Narwhals, Native American Heritage Month events, 150-year anniversary at Bell

There’s a new exhibit on narwhals and focuses on Native American perspectives during the month of November at the Bell Museum.


Image by Maia Irvin

The museum celebrated its 150-year anniversary in fall 2022 with a new exhibit called “Narwhal: Revealing an Arctic Legend.”

by Lara Boudinot

The Bell Museum premiered a new exhibit, “Narwhal: Revealing an Arctic Legend,” in October in addition to celebrating its 150-year anniversary.

The Bell Museum was founded by the Minnesota Legislature and put in trust to the University of Minnesota in 1872 as the Minnesota State Natural History Museum and has been housed in its current location on Larpenteur Avenue near the St. Paul Campus since 2018.

The newly debuted narwhal exhibit is a traveling exhibition from the Smithsonian Institution and will be hosted at the Bell Museum until Jan. 8, 2023, said Kelsey Griffin, gallery programs coordinator at the museum. The Bell Museum chose to display this exhibit as winter begins to illustrate the impacts of climate change and the importance of Indigenous knowledge in science.

The exhibit features a life sized model of an 18-foot narwhal and also contains a nearly 9-foot cast of a real narwhal tusk that people can stand next to. There are also plenty of interactive displays on the walls, Griffin said.

“This exhibit is all about narwhals, their changing ecosystem and how that changing system is really important to helping us understand the global changing climate,” said Nehwoen Luogon-Bojkov, communication associate at the Bell Museum.

According to the Bell Museum’s website, first-hand accounts with Inuit community members can reveal how experience and traditional knowledge can aid in the overall understanding of narwhals and global climate change.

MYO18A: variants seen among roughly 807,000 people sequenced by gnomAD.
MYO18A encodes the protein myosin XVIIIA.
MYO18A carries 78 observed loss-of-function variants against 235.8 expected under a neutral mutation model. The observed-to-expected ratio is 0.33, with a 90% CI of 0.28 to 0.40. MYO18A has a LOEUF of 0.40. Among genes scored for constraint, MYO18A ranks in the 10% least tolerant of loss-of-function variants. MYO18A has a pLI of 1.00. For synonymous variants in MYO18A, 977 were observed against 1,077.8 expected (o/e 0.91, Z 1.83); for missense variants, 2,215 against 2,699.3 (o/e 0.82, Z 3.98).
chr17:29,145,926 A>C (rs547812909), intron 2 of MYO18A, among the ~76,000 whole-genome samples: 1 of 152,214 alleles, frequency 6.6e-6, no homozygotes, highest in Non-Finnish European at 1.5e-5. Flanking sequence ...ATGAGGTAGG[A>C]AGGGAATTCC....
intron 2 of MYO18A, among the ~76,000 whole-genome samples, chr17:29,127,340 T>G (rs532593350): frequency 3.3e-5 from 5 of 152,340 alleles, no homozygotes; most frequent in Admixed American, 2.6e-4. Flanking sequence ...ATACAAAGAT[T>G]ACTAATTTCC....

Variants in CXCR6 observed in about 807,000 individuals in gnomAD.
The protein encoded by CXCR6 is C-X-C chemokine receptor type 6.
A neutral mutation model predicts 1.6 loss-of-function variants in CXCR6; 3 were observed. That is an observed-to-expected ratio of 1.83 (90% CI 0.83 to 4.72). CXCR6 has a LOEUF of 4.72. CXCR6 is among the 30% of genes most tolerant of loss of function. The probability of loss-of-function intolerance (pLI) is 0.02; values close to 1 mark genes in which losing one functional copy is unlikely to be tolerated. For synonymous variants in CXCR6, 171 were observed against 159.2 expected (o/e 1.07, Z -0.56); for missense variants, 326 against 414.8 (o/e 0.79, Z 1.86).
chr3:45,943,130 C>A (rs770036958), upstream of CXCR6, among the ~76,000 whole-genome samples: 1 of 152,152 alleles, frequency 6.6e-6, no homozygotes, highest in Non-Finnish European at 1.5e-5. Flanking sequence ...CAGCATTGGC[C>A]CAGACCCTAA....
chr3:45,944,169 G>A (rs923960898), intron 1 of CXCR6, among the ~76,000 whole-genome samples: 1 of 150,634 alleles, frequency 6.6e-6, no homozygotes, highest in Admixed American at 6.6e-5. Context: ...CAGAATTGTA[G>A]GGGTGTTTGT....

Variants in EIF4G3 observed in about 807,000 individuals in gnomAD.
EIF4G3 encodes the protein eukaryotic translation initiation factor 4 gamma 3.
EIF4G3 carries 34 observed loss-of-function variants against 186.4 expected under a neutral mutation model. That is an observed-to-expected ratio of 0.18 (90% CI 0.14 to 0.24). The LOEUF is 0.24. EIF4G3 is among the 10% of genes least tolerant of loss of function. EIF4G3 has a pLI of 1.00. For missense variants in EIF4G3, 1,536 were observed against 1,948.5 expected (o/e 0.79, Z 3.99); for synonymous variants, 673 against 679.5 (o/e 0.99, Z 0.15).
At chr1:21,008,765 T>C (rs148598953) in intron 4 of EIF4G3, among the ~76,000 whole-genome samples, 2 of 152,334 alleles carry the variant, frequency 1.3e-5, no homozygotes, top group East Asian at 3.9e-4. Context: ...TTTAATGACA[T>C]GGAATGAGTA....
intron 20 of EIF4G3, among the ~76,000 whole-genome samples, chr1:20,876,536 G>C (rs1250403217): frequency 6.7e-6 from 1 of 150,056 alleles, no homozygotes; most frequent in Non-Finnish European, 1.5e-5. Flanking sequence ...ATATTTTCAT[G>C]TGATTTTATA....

“Inuit communities and the Smithsonian researchers have worked together to pair that Indigenous knowledge and other scientific research to provide us with more information about Narwhals,” Luogon-Bojkov said.

The exhibit is open to the public for regular general admission. University students get admission to all Bell Museum exhibits for free.

In the coming months and for the current Native American Heritage Month of November, the Bell Museum has more events to offer and learn from.

On Nov. 30, there is a free film screening of “Inhabitants: Indigenous Perspectives on Restoring Our World” at the museum in addition to a discussion after the screening.

“The film focuses on five Native American communities and their journeys to restoring their traditional land management practices in the face of a changing climate,” Luogon-Bojkov said.

On Dec. 14, there is also a virtual discussion about the importance of different animals and language to the Dakota and Lakota communities, Luogon-Bojkov said.

“We are on Native American soil, and that’s not just Minnesota, it’s not just the Bell Museum, that’s the whole country,” Luogon-Bojkov said. “I think it’s just been really important to continue to make that an important part of learning about nature and the natural world around us.”

The narwhal exhibit is a traveling exhibition from their affiliation with the Smithsonian Museum, said Luogon-Bojkov, the Bell Museum also has a long-standing partnership with the University of Minnesota and the College of Food, Agricultural and Natural Resource Sciences (CFANS).

Both graduate and undergraduate CFANS students, in addition to faculty, use the Bell Museum’s collections for research and the Bell Museum regularly employs University students, Luogon-Bojkov said.

Joleen Hadrich, interim associate dean of CFANS research and outreach centers, said in an email to the Minnesota Daily that the Bell Museum has created a place for visitors to engage with groundbreaking research through collections, rotating exhibits and hands-on experiences.

“As they celebrate their 150th anniversary this year, we’re proud to recognize their ongoing contributions to CFANS, the University, and our state,” Hadrich said. “With a legacy of bringing discoveries to life through science, CFANS is fortunate to have a long-standing partnership with the Bell Museum, whose role as Minnesota’s state natural history museum remains as relevant today as ever.”

Now that the Bell Museum has made its 150 year milestone, it is focusing on the next 150 years, Sushma Reddy, associate professor and curator of birds at the Bell Museum, said.

Reddy said one of the reasons she came to work for the University was because of the Bell Museum’s strong reputation.

Reddy said the educational opportunities the Bell Museum provides is a valuable resource for biodiversity conservation and public understanding.

“I’m a real big believer in the wonder that natural history museums can bring to people of all sorts,” Reddy said. “It’s what inspired me to go down my career path.”